Exploring synergies and tradeoffs: energy, water, and economic implications of water reuse in rice-based irrigation systems

Hafeez, Mohsin and Bundschuh, Jochen and Mushtaq, Shahbaz (2014) Exploring synergies and tradeoffs: energy, water, and economic implications of water reuse in rice-based irrigation systems. Applied Energy, 114. pp. 889-900. ISSN 0306-2619


Efficient use of water and energy resources are significant requirements for increasing irrigated rice productivity. However, the ever increasingly complex interplay between energy, water and agriculture in feeding both machinery and people, respectively, plus the added impact on and of climate change, have significant implications on the management of our natural resources. This paper holistically analysed a rice-dominated gravity-fed irrigation system using the Upper Pumpanga River Integrated Irrigation System (UPRIIS) in Central Luzon, the Philippines as demonstration example to quantify the water, energy and economic implications of water reuse at five different spatial scales. Water reuse was determined through daily measurements of all surface water inflows and outflows, rainfall, evapotranspiration, and the quantities of water internally reused through check dams and shallow pumping, and aggregated into seasonal totals for five spatial scales during the dry season of 2001. Energy auditing was later used to evaluate the energy implications of water reuse. Results show that ∼30% of the total surface water applied was reused by internal check dams and pumping from shallow groundwater. Across the five spatial scales, water productivity with water reuse was always higher than without water reuse, which reflects the significance of water reuse. The cost-benefit ratio indicates enhanced rice profitability at all five spatial scales with and without water reuse. However, economic benefits of water reuse were lower than economic benefits from surface water, which was mainly due to the higher costs of pumping. Irrigation requires a significant expenditure of fossil energy both for pumping and delivering water to crops. Total energy inputs of water reuse were 28% higher than the energy inputs without water reuse, which was mainly attributed to higher diesel energy inputs. Whilst water reuse contributes significantly to water productivity across the five spatial scales, it does increase energy use due to pumping. Our holistic analysis indicated a tradeoff between yield and energy use. Achieving higher water productivity would require additional use of fossil energy, which in turn could increase the energy use competition and decrease economic returns. Given the increasing global concerns about climate change and sustainable energy use, an optimal combination of water and energy use is absolutely essential.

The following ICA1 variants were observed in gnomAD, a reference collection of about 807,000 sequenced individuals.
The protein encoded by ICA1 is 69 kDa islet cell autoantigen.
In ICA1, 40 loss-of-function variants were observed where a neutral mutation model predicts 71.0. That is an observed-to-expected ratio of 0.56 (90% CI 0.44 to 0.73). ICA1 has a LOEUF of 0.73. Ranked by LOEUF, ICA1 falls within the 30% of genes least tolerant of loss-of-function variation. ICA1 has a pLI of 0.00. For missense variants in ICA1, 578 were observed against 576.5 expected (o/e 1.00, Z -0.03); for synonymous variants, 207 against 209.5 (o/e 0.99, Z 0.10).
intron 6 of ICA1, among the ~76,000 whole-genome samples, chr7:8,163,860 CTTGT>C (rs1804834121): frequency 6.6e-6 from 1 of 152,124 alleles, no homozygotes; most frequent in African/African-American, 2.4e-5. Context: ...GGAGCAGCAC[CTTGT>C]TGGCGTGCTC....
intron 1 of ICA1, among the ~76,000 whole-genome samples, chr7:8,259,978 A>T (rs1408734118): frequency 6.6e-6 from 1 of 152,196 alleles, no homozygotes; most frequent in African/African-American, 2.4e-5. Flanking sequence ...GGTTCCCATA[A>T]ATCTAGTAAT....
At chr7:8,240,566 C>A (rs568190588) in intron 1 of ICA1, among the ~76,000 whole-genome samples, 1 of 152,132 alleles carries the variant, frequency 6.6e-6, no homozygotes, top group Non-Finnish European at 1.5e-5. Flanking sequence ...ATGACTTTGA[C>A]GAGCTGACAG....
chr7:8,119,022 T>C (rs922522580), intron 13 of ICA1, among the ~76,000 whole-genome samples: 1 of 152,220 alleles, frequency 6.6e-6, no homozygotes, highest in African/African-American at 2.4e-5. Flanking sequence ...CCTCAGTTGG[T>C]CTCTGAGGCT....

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Item Type: Article (Commonwealth Reporting Category C)
Refereed: Yes
Item Status: Live Archive
Additional Information: Copyright 2013 Elsevier Ltd. All rights reserved. Permanent restricted access to Published Version due to publisher copyright policy.
Faculty / Department / School: Current - Faculty of Health, Engineering and Sciences - School of Agricultural, Computational and Environmental Sciences
Date Deposited: 04 Oct 2013 00:04
Last Modified: 09 Nov 2017 23:43
Uncontrolled Keywords: energy productivity; shallow tube well; tradeoffs; water accounting; water productivity; water reuse
Fields of Research : 07 Agricultural and Veterinary Sciences > 0701 Agriculture, Land and Farm Management > 070108 Sustainable Agricultural Development
04 Earth Sciences > 0406 Physical Geography and Environmental Geoscience > 040608 Surfacewater Hydrology
07 Agricultural and Veterinary Sciences > 0799 Other Agricultural and Veterinary Sciences > 079901 Agricultural Hydrology (Drainage, Flooding, Irrigation, Quality, etc.)
Socio-Economic Objective: B Economic Development > 82 Plant Production and Plant Primary Products > 8298 Environmentally Sustainable Plant Production > 829805 Management of Water Consumption by Plant Production
Identification Number or DOI: 10.1016/j.apenergy.2013.08.051
URI: http://eprints.usq.edu.au/id/eprint/24128

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